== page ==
Poll: Most say lack of Clinton press conferences won't affect vote
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A new poll shows most voters are unconcerned by the controversy over Hillary ClintonHillary Diane Rodham ClintonMcCabe wins back full FBI pension after being fired under Trump Bill Clinton hospitalized with sepsis We have a presidential leadership crisis — and it's only going to get worse MORE not holding a press conference this year.

Fifty-one percent said Clinton's decision on whether to hold a press conference would not impact their vote, according to a Morning Consult survey released Monday.

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Just over a quarter of voters, 27 percent, say it makes them less likely to support Clinton, the Democratic presidential nominee.

The poll also found that 44 percent say it does not alter their opinion of Clinton, while 35 percent say it gives them a less favorable view of her.

Clinton has not held a formal press conference in over 250 days, a decision which has sparked criticism from Republicans as well as pressure from members of the media who cover her campaign.

But the controversy doesn't appear to be resonating with voters, the poll found.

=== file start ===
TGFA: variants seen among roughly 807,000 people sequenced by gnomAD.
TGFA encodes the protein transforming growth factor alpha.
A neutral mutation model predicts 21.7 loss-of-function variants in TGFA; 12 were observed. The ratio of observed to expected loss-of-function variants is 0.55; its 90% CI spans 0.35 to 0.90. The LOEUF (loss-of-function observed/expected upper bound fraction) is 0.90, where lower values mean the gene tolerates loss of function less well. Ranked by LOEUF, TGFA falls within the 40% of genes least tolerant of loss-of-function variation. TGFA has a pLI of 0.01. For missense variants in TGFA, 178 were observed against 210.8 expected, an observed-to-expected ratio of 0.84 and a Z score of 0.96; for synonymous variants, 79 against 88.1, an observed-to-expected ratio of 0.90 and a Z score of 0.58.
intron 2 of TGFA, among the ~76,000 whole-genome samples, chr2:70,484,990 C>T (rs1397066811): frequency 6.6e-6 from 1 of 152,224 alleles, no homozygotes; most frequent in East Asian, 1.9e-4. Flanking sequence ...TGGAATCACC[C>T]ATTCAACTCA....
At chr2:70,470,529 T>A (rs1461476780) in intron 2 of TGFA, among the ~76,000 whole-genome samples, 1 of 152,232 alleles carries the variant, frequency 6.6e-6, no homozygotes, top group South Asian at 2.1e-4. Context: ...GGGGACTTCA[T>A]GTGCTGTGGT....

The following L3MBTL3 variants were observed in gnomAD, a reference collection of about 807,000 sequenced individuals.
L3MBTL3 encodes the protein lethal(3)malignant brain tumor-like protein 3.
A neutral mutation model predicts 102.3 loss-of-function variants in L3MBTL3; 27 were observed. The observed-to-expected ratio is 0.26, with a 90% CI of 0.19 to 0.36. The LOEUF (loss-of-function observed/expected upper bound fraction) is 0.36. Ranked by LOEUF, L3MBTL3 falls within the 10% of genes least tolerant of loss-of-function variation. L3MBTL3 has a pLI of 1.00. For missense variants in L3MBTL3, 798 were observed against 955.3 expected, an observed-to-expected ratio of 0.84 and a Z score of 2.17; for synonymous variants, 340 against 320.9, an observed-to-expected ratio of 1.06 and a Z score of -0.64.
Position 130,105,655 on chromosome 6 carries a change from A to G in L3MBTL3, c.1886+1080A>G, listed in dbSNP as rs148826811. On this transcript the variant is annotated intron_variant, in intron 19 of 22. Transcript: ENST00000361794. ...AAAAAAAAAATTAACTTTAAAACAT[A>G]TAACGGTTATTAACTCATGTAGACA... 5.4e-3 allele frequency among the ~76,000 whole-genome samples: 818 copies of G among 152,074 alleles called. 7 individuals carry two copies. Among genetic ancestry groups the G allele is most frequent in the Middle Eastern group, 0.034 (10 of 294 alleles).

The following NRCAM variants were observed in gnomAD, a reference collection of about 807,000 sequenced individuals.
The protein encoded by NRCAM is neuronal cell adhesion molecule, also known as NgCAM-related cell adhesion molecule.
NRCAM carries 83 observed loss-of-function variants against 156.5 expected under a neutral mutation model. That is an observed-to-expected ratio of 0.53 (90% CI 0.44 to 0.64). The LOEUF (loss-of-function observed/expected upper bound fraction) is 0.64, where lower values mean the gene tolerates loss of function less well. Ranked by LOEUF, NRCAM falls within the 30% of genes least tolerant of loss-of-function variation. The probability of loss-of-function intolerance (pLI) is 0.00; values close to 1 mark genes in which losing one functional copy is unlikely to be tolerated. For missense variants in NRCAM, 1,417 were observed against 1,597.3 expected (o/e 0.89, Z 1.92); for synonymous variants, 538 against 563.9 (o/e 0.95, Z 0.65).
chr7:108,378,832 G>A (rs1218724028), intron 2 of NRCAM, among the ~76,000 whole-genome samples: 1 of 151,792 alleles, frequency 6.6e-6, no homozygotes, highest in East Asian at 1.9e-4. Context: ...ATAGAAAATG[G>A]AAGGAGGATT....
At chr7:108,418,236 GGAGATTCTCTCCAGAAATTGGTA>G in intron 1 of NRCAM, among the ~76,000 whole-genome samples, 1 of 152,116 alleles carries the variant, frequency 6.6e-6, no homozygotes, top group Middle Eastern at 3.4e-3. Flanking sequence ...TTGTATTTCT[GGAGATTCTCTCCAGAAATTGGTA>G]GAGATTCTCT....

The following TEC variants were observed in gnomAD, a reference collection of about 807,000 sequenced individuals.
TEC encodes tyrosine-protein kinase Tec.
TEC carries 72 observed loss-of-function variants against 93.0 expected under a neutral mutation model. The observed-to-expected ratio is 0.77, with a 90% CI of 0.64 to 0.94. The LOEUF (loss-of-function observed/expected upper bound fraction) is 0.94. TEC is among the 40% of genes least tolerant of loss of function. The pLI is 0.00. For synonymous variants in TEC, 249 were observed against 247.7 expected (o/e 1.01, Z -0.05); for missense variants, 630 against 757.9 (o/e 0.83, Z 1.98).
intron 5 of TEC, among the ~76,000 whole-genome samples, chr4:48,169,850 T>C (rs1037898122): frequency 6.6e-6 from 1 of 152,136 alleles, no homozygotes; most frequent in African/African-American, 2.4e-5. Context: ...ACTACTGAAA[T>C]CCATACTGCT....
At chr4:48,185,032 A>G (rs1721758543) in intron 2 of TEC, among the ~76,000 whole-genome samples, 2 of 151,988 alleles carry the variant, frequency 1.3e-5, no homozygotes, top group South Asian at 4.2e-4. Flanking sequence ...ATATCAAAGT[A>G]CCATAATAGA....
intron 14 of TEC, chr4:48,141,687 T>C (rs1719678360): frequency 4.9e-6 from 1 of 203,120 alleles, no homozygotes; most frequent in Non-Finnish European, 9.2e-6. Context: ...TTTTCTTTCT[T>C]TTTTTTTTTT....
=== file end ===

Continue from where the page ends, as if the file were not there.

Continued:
Forty-three percent say they have noticed that Clinton hasn't conducted a press conference since Dec. 4, 2015. But more than half of respondents, 57 percent, say they haven't heard much about the controversy.

Clinton's campaign has downplayed the issue, noting that she has done televised interviews and has sat down with other journalists during that stretch.

Clinton earlier this month fielded some questions at a joint convention of the National Association of Black Journalists and the National Association of Hispanic Journalists in Washington, D.C.

Clinton took 10 minutes of questions from NABJ and NAHJ members during the event, which was attended by more than 1,500 journalists.

Some journalists at the event also applauded during her remarks.

The working press was not permitted to ask Clinton questions during that appearance.

Morning Consult's latest poll interviewed 2,001 registered voters from Aug. 11 to 14. It has a 2 percentage point margin of error.